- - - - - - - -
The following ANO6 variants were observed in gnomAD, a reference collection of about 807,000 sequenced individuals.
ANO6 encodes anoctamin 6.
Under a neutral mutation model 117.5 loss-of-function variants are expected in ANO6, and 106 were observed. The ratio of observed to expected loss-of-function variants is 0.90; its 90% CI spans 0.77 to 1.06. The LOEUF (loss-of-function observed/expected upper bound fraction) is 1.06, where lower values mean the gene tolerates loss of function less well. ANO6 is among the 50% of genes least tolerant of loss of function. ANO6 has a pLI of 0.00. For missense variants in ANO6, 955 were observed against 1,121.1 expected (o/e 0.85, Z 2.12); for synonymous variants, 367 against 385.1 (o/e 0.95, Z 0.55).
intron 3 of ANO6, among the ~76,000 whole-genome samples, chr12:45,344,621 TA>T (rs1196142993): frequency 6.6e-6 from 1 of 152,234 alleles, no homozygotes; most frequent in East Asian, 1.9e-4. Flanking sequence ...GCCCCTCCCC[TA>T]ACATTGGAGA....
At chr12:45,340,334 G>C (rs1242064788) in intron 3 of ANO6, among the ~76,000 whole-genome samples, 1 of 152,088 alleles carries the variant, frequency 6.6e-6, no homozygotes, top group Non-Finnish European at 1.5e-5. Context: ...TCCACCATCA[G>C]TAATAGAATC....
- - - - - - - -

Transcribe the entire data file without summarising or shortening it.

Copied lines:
The following ANO6 variants were observed in gnomAD, a reference collection of about 807,000 sequenced individuals.
ANO6 encodes anoctamin 6.
Under a neutral mutation model 117.5 loss-of-function variants are expected in ANO6, and 106 were observed. The ratio of observed to expected loss-of-function variants is 0.90; its 90% CI spans 0.77 to 1.06. The LOEUF (loss-of-function observed/expected upper bound fraction) is 1.06, where lower values mean the gene tolerates loss of function less well. ANO6 is among the 50% of genes least tolerant of loss of function. ANO6 has a pLI of 0.00. For missense variants in ANO6, 955 were observed against 1,121.1 expected (o/e 0.85, Z 2.12); for synonymous variants, 367 against 385.1 (o/e 0.95, Z 0.55).
intron 3 of ANO6, among the ~76,000 whole-genome samples, chr12:45,344,621 TA>T (rs1196142993): frequency 6.6e-6 from 1 of 152,234 alleles, no homozygotes; most frequent in East Asian, 1.9e-4. Flanking sequence ...GCCCCTCCCC[TA>T]ACATTGGAGA....
At chr12:45,340,334 G>C (rs1242064788) in intron 3 of ANO6, among the ~76,000 whole-genome samples, 1 of 152,088 alleles carries the variant, frequency 6.6e-6, no homozygotes, top group Non-Finnish European at 1.5e-5. Context: ...TCCACCATCA[G>C]TAATAGAATC....